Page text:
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David Shields and Caleb Powell
I Think You're Totally Wrong: A Quarrel
David Shields and Caleb Powell
US Hardcover First Edition
ISBN 978-0-385-35194-2
Publication Date: 01-06-2015
264 Pages; $25.95
Date Reviewed: 01-18-2015
Reviewed by: Rick Kleffel © 2014


Index:  Non-Fiction

Dissonance is the name of the game, on every level. Humans are an arguing species, and what sets us apart is that our disagreements don't always end in death. But dissonance casts a wider net than mere argument. It can be as subtle as a whisper or as loud as a roar. And the best bickering reaches not a conclusion, but evokes an unease in the audience.

Prep for unease as you open up 'I Think You're Totally Wrong,' the book-length argument between David Shields and Caleb Powell. It's a work filled with contradictions from stem to stern. It's certainly unlike just about any other book in recent memory. but equally certain is that books such as this have a long and health history. You'll pick this up and think, rightly, "This is weird and daring," and then read it and feel like you're hanging out with two old friends — and you are, or will be.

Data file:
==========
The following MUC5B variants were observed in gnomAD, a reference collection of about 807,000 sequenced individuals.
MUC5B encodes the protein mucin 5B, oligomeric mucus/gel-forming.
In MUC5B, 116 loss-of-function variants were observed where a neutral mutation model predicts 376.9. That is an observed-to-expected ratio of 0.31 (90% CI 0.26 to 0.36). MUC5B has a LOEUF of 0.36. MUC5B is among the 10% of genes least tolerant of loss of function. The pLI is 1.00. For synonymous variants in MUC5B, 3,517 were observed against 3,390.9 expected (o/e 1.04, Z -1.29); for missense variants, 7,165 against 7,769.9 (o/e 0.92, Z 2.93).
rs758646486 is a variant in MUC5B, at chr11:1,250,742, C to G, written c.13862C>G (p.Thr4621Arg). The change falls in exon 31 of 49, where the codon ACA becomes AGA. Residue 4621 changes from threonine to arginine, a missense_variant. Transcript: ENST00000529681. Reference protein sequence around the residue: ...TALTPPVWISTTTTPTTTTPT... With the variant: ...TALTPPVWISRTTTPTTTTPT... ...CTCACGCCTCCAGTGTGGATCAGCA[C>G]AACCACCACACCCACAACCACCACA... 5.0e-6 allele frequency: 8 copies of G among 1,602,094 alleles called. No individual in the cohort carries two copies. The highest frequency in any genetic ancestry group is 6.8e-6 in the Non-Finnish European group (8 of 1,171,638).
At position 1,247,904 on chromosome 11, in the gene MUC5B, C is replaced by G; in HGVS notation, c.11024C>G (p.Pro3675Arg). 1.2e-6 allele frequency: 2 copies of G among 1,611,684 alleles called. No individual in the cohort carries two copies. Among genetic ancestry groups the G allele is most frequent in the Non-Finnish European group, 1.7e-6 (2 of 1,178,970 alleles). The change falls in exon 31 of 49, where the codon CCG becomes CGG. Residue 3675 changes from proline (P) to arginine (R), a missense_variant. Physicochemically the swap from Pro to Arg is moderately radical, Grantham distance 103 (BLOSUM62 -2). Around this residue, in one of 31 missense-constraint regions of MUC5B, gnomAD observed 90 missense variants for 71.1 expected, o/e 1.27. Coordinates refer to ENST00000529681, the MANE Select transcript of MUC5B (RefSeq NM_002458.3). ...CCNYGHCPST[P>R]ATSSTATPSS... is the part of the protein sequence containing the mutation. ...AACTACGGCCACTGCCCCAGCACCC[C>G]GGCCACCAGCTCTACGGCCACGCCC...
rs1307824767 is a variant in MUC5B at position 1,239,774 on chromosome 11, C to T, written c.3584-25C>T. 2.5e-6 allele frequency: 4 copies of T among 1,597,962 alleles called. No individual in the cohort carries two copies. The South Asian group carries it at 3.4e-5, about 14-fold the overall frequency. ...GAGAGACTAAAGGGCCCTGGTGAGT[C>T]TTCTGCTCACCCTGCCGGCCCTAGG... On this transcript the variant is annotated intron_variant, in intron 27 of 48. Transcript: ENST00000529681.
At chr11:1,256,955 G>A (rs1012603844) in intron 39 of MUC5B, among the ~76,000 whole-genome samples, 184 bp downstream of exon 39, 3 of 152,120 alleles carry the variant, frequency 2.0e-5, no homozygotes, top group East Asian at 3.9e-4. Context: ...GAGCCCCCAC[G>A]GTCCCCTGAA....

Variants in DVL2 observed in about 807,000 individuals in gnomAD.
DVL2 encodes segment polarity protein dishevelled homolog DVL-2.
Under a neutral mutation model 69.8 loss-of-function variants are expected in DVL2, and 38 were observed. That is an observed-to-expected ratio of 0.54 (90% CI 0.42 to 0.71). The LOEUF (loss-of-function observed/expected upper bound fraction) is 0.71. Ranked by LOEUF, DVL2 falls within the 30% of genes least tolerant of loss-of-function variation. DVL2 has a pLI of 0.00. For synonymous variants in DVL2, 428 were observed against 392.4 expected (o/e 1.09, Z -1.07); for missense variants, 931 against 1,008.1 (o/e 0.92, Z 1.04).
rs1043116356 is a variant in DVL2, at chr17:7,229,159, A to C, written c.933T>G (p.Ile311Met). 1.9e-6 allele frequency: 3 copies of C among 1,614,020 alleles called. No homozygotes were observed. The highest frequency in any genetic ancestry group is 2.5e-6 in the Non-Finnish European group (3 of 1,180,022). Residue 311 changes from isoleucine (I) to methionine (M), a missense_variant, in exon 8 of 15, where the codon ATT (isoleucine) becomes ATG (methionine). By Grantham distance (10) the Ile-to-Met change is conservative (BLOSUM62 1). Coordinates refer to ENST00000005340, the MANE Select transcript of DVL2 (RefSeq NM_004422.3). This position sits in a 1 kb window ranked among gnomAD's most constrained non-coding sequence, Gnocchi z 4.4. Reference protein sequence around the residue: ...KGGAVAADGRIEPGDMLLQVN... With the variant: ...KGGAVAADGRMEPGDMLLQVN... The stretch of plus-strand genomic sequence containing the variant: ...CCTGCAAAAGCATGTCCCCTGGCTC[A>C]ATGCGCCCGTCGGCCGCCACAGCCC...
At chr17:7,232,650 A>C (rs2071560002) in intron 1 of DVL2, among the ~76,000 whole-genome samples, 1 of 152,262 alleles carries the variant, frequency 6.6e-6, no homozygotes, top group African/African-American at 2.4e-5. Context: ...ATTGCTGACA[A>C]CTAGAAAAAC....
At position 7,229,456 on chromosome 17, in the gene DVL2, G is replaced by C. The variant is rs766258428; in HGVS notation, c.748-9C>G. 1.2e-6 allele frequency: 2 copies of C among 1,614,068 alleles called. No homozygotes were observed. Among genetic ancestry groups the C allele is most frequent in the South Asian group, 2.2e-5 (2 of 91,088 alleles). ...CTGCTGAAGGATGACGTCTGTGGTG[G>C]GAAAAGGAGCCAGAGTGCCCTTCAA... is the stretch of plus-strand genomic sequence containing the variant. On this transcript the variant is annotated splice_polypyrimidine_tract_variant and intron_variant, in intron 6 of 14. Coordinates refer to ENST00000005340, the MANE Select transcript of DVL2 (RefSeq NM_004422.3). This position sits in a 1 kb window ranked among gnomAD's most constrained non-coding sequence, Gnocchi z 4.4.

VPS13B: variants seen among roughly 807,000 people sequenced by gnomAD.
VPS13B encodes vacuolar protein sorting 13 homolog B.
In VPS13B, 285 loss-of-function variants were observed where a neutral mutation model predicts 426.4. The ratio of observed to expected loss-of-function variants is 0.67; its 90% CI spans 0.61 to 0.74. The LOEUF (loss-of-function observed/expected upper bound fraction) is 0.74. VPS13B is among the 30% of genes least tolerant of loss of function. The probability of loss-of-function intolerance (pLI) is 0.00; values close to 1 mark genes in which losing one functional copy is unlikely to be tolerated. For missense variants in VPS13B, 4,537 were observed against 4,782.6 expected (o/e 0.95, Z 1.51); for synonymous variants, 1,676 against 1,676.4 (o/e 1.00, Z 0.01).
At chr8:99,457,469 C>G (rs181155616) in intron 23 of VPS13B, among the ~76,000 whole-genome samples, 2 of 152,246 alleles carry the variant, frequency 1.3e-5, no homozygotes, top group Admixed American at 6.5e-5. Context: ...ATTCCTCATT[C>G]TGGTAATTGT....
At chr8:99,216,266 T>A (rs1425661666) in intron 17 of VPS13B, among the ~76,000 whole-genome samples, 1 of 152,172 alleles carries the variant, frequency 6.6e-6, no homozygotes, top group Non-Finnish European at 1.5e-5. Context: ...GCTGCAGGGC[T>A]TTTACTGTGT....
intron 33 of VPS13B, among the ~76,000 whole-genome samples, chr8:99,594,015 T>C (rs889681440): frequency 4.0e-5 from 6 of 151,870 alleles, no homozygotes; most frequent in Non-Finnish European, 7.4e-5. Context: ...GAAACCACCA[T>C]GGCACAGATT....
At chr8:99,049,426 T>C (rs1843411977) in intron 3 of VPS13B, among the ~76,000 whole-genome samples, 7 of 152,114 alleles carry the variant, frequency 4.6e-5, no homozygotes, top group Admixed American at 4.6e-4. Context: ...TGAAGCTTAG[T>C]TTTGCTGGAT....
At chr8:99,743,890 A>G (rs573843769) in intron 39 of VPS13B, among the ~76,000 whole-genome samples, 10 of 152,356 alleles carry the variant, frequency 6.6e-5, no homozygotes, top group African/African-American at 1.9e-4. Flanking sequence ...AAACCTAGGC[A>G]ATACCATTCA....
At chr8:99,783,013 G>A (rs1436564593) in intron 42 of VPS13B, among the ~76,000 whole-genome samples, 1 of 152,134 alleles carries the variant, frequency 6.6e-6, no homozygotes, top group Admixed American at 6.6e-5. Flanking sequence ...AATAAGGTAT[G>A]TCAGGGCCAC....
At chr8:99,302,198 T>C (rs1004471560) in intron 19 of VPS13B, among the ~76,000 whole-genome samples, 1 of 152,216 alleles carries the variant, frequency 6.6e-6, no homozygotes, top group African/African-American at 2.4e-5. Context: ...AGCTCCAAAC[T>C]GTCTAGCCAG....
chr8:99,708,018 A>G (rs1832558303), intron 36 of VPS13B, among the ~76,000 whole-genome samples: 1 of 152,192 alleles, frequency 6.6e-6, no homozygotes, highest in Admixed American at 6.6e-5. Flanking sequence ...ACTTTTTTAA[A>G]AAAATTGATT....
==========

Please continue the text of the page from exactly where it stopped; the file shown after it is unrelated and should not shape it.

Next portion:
'I Think You're Totally Wrong' is a transcript, lightly edited (so we're told) or a long weekend the Shields and Powell spent together yakking. The arguments and the book itself are largely unstructured. To this end, then, you might think that the book is only as interesting as the men, and they are certainly captivating speakers on varying ends of a variety of spectrums.

Looking at what's in evidence here is pretty simple. The transcript format makes the book easy and fun to read. Chances are you'll whip through it faster than the average thriller. (Unless you leave it behind at the bookstore in disgust, or throw it across the room, both of which for some readers will be perfectly reasonable reactions.) But make no mistake, these are two engaging, witty guys, who don't have to try at all to be funny or insightful. It just happens on the page when they speak, and the book itself is a remarkable testament to the power of human speech. You may walk away thinking, "Forget the guns, break out the megaphones."

But the real meat of the matter is what happens inside the reader, internalizing a book-length argument between two intelligent and generally respectful opponents. This is where disagreement leaves off and dissonance takes over. This is where you, the reader, become part of the conversation.

By reading 'I Think You're Totally Wrong,' you internalize opposing points of view, perspectives that may yet be at odds with your own. You become the pressure chamber for all that disagreement, and in doing so, you de-pressurize your own fixations. You may not agree with either speaker, by but the end you may not agree with the version of yourself who started the book, either. It's a humbling, healthy and very human experience.


 
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